EEN THE WINES It probably started with Nora Ephron, and almost certainly reached a high point with Ruth Reichl, but in the last few years the recipe-studded novel/memoir call it the kitchen-counter novel has become a virtual genre. So many of them have been bubbling up on reading lists that news of another might give even the most adventurous palate pause.

And in the case of Secrets of the Tsil CafŽ, pause is not a bad idea, because the primary ingredient of many of the first recipes is hot chili peppers. Right off, that warns of a heavy knot of meaningful references as author Thomas Fox Averill, a graduate of the Iowa Writer's Workshop, blends savory, but spicy recipes into this novel of a hot-blooded family with two battling kitchens.

Indeed, the central metaphor of the story and even the title reference refer to the fiery ingredient. Chilis are Native American in the truest sense, as all hot or sweet peppers are derived from about six major types of capsicum that the indigenous Americans had already domesticated long before the Europeans arrived. The name Tsil comes from the god-avatar of the chili pepper in the ceremonial dances of the Hopi. Hot spices excite the soul, an underlying theme in this story of a battling family, but they also excite the body, one reason many passive contemplative sects in Asia abjure them.

The product of a cross-cultural family obsessed with food, Weston Tito begins his story by saying he was a seed in his parents' kitchens plural in both cases. Weston's mother is Italian and works the successful catering business BuenAppeTito upstairs; downstairs, his father, who is fixated on cooking only indigenous foods "Santa Fe style" (they live in Kansas City), runs the Tsil Cafe, a restaurant as iconoclastic as it is tear-inducingly spicy. Wes' crib and later his cot are literally in his mother's kitchen (in the cabinets, for a while), and she teaches him her "vocabulary," the names of foods, by letting him taste them like Annie Sullivan pouring water over Helen Keller's hands. His father refuses him entry into his own obsessive domain, almost a holy order, until he can claim to enjoy such un-childlike flavors as habanero and anchovy. After that, like a knight's apprentice, he is allowed to help slice and chop ingredients carry his own sword, in effect.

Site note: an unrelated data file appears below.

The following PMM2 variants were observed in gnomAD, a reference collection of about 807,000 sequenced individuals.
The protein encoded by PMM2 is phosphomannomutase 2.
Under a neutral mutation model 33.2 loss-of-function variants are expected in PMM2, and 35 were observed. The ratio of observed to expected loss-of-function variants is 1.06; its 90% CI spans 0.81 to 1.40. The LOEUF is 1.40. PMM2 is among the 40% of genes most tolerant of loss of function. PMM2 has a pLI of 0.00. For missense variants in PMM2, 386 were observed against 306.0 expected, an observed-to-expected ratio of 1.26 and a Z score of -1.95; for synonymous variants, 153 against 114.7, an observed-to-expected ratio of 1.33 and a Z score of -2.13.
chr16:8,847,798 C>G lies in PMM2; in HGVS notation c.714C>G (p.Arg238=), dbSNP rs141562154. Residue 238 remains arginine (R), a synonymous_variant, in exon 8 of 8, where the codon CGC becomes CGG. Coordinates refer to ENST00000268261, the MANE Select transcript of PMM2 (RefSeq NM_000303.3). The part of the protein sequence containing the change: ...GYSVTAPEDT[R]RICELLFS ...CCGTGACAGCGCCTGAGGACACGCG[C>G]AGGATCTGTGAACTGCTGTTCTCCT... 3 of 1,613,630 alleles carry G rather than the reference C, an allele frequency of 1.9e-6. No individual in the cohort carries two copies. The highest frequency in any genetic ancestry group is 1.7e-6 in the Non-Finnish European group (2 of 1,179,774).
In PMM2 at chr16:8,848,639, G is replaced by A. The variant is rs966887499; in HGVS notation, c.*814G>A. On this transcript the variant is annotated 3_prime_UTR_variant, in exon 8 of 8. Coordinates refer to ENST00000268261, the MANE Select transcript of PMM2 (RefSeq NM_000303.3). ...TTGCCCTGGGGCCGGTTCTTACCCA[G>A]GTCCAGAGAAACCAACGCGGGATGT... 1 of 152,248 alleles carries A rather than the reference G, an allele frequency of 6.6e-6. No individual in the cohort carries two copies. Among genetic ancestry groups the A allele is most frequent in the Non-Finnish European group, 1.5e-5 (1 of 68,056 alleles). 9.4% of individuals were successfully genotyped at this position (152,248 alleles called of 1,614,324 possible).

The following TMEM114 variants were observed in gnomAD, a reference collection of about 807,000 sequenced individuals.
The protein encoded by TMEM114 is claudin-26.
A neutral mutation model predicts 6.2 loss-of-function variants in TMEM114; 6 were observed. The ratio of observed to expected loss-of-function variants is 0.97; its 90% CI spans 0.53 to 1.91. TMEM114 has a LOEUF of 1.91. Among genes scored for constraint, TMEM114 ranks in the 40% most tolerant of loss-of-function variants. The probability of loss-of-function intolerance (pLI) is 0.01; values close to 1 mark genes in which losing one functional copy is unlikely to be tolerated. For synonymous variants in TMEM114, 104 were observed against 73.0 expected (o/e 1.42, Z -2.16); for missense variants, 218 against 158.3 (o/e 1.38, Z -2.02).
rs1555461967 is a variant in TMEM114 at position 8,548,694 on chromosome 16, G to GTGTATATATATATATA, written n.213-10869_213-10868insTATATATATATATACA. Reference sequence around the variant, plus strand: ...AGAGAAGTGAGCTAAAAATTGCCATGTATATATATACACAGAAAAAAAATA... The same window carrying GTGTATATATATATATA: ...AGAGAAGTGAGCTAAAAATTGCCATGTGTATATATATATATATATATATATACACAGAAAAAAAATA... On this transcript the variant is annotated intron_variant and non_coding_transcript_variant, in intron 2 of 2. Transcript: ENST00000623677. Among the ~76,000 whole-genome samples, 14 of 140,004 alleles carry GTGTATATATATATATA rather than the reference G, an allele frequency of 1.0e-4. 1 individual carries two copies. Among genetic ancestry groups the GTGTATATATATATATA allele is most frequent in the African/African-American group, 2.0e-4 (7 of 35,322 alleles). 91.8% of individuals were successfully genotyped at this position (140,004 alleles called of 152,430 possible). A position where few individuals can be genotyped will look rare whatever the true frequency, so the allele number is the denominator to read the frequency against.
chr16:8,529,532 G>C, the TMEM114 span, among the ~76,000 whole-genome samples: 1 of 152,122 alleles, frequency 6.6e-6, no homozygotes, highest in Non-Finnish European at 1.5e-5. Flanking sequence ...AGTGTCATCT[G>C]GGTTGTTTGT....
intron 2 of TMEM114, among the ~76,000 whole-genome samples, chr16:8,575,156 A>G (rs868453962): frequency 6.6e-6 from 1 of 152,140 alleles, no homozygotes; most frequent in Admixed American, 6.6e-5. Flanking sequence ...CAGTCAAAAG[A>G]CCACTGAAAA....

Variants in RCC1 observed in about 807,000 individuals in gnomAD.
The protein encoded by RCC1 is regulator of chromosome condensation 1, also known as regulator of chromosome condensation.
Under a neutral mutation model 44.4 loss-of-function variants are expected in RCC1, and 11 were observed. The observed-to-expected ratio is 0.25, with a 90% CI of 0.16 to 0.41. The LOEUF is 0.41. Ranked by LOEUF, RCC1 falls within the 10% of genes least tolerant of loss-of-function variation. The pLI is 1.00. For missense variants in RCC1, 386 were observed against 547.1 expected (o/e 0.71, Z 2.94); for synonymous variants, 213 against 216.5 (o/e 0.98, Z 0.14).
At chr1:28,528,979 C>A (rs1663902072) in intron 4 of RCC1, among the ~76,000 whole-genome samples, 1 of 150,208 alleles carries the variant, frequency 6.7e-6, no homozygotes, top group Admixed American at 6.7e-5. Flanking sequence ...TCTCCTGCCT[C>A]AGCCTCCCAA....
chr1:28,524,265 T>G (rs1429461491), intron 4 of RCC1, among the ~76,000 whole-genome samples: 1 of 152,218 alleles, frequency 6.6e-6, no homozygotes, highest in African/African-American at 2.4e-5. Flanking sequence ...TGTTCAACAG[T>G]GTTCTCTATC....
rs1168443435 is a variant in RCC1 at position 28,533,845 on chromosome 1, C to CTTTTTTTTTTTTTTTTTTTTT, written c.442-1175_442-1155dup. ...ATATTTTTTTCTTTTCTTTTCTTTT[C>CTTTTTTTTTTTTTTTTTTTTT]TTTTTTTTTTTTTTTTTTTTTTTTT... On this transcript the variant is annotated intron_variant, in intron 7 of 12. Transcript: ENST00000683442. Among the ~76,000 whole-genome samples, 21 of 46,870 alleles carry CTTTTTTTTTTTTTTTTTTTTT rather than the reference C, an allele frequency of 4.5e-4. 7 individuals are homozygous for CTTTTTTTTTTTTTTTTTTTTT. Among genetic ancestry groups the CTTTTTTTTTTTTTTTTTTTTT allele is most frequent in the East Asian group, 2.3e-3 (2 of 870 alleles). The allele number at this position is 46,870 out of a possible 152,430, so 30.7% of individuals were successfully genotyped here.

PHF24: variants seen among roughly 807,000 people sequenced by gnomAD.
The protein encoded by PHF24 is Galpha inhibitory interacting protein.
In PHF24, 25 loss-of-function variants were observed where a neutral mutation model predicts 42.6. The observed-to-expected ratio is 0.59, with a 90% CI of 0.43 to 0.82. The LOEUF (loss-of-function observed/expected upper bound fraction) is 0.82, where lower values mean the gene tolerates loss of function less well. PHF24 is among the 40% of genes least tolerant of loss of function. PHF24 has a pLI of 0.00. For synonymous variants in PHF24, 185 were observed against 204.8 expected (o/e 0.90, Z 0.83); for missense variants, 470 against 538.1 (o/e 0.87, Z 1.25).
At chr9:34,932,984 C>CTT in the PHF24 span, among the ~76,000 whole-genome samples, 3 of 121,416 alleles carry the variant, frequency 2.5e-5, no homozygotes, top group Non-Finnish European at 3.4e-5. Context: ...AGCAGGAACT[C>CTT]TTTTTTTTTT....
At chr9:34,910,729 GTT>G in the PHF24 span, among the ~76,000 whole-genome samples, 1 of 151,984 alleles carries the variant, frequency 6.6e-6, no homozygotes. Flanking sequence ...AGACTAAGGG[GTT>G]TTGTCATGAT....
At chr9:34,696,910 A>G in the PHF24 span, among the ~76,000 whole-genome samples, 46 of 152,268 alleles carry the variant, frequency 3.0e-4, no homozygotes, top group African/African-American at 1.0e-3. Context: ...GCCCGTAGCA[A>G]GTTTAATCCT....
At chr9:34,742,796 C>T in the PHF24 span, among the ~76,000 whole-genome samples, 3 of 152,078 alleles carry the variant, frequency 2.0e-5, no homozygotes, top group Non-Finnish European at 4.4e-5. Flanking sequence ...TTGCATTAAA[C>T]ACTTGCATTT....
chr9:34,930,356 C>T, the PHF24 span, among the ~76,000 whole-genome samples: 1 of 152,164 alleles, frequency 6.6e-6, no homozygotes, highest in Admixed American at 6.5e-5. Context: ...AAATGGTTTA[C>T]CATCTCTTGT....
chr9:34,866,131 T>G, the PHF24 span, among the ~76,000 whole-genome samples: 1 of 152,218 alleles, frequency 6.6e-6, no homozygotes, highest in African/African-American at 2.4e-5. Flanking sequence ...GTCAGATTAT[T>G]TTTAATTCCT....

One of the points of contention between Wes' hot-blooded parents is the local restaurant critic, an old admirer of his mother's (and as a critic myself, I have to say Averill's early enunciation of the critic's sometimes pompous philosophy and his fictional reviews made me wince). Nevertheless, the critic, who acts first as a teeter-totter between the two adults, ultimately becomes a sort of bridge, giving Wes his first opportunity to critique to see the food of both parents objectively and start to develop his own concept of food.

Over the years, Wes absorbs a rich stew of influences and emotions from his mixed-ethnic family, along with the various Mexican employees of the cafe who serve as surrogate relatives and even a Native American graduate student who takes him foraging for cactus and cattails and invites him to a corn dance. Ultimately, he will even marry the critic's female successor.

So pervasive is food in this coming-of-age novel that the recipes become a reflection of life's shifting flavors in Averill's kitchen novel. The almost magic-realism intensity of the flavor descriptions and the author's habit of dropping in dictionary definitions of various terms such as "turkey," "mescal" and "maple" re-emphasizes the native quality of the ingredients. The narrator's entire life is lived in the study, anecdotal and later academic, of foods; ultimately he will become a chef as well, melding his parents' Old World and New World cuisines into a One-World cuisine.

The ideal pairing: spicy chilis with cool Chardonnay Even when I was mentally trying to prepare the hottest recipes from the book (and while some seem excessive, they are clearly workable), I could imagine starting off by myself in the kitchen with a chilly, acidic white wine. While I'm not usually a Chardonnay fan, at least not those oaky enough to drive a stake through a vampire's heart, I'm much taken with the bargain of the summer: the Santa Julia Vineyards 2000 Chardonnay from the Argentine Mendoza. Moderately light, with easy citrus flavors, crisp apple peel, Japanese apple-pear and just a little burnt sugar, it's one of the most attractive and modestly swaggery $7 wines I've had in a long time. I'm not sure how it would work with the stuffed prunes, but many of the salsas would be proud of the match.

Eve Zibart is the restaurant critic for The Washington Post's weekend section. This column reflects her dual interest in wine and travel.

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